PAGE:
dads homeschooling

The COVID-19 quarantine turned many mothers into teachers overnight, and the moms of America are so stressed some (like Kristen Bell) have taken to shredding schedules and worksheets. But how do dads feel about distance learning stress?

According to Motherly's third annual state of Motherhood survey, 93% of moms say that they do more childcare than dads do, but a recent poll by Morning Consult for The New York Times found fathers don't agree. Almost half of dads surveyed told the NYT that they are spending more time on homeschooling than their partner does but 80% of moms surveyed told the NYT mama is doing the lion's share.

So what gives? Are dads overestimating their contribution or are moms underestimating dads?


When Motherly surveyed more than 3,000 millennial moms back in March a full 63% reported handling childcare and household responsibilities mostly on their own. Another 30% say they are shared with a partner and just 4% said their partner does more.

Since the pandemic we have seen a shift in those numbers. As Motherly reported earlier this week there has been a 12% increase in splitting household responsibilities equally, with 42% of moms now reporting they split equally with their partners.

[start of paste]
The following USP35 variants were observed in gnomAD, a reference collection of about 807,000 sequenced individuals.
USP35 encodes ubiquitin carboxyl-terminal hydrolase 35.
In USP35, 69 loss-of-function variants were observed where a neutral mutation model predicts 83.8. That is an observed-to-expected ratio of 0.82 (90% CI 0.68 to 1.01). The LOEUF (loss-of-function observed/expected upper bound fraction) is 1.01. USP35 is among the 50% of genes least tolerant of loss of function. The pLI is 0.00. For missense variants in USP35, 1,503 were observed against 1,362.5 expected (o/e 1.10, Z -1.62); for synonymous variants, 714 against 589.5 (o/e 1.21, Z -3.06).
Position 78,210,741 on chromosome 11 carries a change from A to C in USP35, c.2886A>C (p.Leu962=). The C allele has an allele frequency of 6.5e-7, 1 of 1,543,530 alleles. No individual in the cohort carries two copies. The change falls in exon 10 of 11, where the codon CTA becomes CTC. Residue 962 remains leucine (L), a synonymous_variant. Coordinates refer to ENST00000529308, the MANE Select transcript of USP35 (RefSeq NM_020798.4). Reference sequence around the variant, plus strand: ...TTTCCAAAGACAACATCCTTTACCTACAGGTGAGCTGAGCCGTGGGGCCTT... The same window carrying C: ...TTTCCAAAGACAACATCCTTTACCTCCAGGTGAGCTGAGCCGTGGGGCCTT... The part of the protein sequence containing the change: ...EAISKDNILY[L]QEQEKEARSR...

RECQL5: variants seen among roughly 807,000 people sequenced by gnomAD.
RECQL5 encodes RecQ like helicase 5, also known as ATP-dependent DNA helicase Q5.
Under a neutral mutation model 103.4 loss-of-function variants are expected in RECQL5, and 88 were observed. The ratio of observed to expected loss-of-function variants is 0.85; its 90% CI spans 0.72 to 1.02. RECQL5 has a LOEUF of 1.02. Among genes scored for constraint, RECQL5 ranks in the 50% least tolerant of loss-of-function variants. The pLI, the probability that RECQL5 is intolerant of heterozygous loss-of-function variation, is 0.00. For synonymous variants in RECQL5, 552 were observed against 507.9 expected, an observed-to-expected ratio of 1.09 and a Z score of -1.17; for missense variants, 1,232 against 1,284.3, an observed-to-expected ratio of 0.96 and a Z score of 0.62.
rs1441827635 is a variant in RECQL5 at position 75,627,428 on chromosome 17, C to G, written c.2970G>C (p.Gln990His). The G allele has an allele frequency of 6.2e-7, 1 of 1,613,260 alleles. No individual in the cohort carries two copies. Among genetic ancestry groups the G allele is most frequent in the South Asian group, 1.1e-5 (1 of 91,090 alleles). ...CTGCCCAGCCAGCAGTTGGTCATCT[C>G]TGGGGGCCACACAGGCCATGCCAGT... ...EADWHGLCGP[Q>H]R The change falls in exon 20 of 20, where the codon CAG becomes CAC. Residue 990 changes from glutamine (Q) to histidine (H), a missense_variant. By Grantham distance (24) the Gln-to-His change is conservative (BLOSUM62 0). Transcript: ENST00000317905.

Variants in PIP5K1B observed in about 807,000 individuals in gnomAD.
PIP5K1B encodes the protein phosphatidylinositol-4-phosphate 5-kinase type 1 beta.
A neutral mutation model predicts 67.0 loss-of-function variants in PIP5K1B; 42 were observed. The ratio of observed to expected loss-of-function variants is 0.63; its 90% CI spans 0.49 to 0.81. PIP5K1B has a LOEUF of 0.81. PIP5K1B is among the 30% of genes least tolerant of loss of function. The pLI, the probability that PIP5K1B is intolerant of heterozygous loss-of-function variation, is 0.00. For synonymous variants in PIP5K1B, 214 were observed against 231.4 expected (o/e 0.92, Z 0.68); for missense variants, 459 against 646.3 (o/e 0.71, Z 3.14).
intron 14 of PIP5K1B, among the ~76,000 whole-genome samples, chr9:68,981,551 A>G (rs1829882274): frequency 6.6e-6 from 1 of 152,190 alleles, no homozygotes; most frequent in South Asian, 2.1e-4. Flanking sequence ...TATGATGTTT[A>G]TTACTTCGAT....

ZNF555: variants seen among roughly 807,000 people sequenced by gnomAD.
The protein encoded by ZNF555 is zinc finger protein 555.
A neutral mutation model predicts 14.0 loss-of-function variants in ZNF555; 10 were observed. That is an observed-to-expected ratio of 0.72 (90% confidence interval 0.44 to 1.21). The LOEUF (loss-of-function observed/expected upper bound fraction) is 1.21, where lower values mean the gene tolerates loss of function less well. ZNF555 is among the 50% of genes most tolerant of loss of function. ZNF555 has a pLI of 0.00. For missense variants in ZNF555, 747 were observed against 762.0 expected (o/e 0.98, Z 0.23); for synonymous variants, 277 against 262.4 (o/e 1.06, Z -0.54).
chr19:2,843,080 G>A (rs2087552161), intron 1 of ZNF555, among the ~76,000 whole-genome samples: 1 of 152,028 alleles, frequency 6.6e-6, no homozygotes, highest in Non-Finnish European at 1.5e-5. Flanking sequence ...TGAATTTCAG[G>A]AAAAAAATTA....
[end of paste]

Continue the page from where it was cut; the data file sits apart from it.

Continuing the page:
But the numbers moms are providing still don't add up to what fathers are telling the New York Times they do, and that survey isn't the only one. A very recent pre-publication survey by University of Utah sociologist, Daniel L. Carlson finds that while mothers say their partners have stepped up since the pandemic, "mothers are less likely than fathers to report that fathers have increased their time in housework or care of older children."

For years we have seen that in general, millennial dads do want to be equal partners but fall short when it comes to sharing the childcare duties but there are many factors holding them back.

Now that some of those factors (like time spent at the office, on commuting or on out-of-home activities) have been removed, dads are able to do more. But the numbers suggest fathers are still not recognizing the invisible labor of mothers. They feel like they are doing so much, but their partners are still struggling.

The bottom line is that mothers are taught to and expected to do more than our fair share. We are expected to sacrifice ourselves in a way our male partners aren't, and in ways they sometimes can't even see.

But there is good news here: Fathers are doing more, and even if it is not quite 50/50 yet, this pandemic could be the beginning of the road to it. If we come out of quarantine with government and workplace policies that support all parents (like paid parental leave for all and more flexible work options) one day we could see a survey that reflects what fathers and mothers want: Equality in the home.

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